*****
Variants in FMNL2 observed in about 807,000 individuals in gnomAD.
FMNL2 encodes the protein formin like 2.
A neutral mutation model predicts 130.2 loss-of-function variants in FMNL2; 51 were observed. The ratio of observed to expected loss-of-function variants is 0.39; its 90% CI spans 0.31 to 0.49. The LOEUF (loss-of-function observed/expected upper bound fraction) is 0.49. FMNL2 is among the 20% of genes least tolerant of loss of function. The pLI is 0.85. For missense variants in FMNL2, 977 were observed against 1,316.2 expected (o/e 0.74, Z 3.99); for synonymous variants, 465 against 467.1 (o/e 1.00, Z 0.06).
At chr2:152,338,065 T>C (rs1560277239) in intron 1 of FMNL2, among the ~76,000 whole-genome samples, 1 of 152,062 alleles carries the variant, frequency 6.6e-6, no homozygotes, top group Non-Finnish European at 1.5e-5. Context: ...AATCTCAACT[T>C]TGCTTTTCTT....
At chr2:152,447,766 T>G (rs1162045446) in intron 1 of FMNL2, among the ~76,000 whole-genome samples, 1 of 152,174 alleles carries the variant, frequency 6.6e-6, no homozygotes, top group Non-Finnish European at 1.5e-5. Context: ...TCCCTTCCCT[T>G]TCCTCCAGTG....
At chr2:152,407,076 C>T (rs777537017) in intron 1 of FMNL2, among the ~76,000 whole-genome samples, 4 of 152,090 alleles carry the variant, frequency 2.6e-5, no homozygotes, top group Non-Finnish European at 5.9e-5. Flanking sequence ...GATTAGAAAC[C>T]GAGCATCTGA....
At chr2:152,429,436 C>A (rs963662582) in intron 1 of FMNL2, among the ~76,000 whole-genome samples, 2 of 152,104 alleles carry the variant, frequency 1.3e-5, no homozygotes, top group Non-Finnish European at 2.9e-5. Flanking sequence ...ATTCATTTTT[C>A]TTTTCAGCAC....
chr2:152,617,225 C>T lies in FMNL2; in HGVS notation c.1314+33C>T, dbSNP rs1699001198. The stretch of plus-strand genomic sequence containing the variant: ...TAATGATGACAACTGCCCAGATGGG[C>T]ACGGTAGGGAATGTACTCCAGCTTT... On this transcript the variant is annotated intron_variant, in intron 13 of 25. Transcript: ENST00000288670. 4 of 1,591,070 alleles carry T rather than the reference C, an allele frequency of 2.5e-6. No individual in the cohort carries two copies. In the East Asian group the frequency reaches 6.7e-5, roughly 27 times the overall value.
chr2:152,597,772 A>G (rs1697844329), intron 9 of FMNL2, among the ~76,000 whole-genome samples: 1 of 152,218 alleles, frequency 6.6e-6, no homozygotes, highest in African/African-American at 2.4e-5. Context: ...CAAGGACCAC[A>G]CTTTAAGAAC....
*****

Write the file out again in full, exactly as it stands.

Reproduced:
Variants in FMNL2 observed in about 807,000 individuals in gnomAD.
FMNL2 encodes the protein formin like 2.
A neutral mutation model predicts 130.2 loss-of-function variants in FMNL2; 51 were observed. The ratio of observed to expected loss-of-function variants is 0.39; its 90% CI spans 0.31 to 0.49. The LOEUF (loss-of-function observed/expected upper bound fraction) is 0.49. FMNL2 is among the 20% of genes least tolerant of loss of function. The pLI is 0.85. For missense variants in FMNL2, 977 were observed against 1,316.2 expected (o/e 0.74, Z 3.99); for synonymous variants, 465 against 467.1 (o/e 1.00, Z 0.06).
At chr2:152,338,065 T>C (rs1560277239) in intron 1 of FMNL2, among the ~76,000 whole-genome samples, 1 of 152,062 alleles carries the variant, frequency 6.6e-6, no homozygotes, top group Non-Finnish European at 1.5e-5. Context: ...AATCTCAACT[T>C]TGCTTTTCTT....
At chr2:152,447,766 T>G (rs1162045446) in intron 1 of FMNL2, among the ~76,000 whole-genome samples, 1 of 152,174 alleles carries the variant, frequency 6.6e-6, no homozygotes, top group Non-Finnish European at 1.5e-5. Context: ...TCCCTTCCCT[T>G]TCCTCCAGTG....
At chr2:152,407,076 C>T (rs777537017) in intron 1 of FMNL2, among the ~76,000 whole-genome samples, 4 of 152,090 alleles carry the variant, frequency 2.6e-5, no homozygotes, top group Non-Finnish European at 5.9e-5. Flanking sequence ...GATTAGAAAC[C>T]GAGCATCTGA....
At chr2:152,429,436 C>A (rs963662582) in intron 1 of FMNL2, among the ~76,000 whole-genome samples, 2 of 152,104 alleles carry the variant, frequency 1.3e-5, no homozygotes, top group Non-Finnish European at 2.9e-5. Flanking sequence ...ATTCATTTTT[C>A]TTTTCAGCAC....
chr2:152,617,225 C>T lies in FMNL2; in HGVS notation c.1314+33C>T, dbSNP rs1699001198. The stretch of plus-strand genomic sequence containing the variant: ...TAATGATGACAACTGCCCAGATGGG[C>T]ACGGTAGGGAATGTACTCCAGCTTT... On this transcript the variant is annotated intron_variant, in intron 13 of 25. Transcript: ENST00000288670. 4 of 1,591,070 alleles carry T rather than the reference C, an allele frequency of 2.5e-6. No individual in the cohort carries two copies. In the East Asian group the frequency reaches 6.7e-5, roughly 27 times the overall value.
chr2:152,597,772 A>G (rs1697844329), intron 9 of FMNL2, among the ~76,000 whole-genome samples: 1 of 152,218 alleles, frequency 6.6e-6, no homozygotes, highest in African/African-American at 2.4e-5. Context: ...CAAGGACCAC[A>G]CTTTAAGAAC....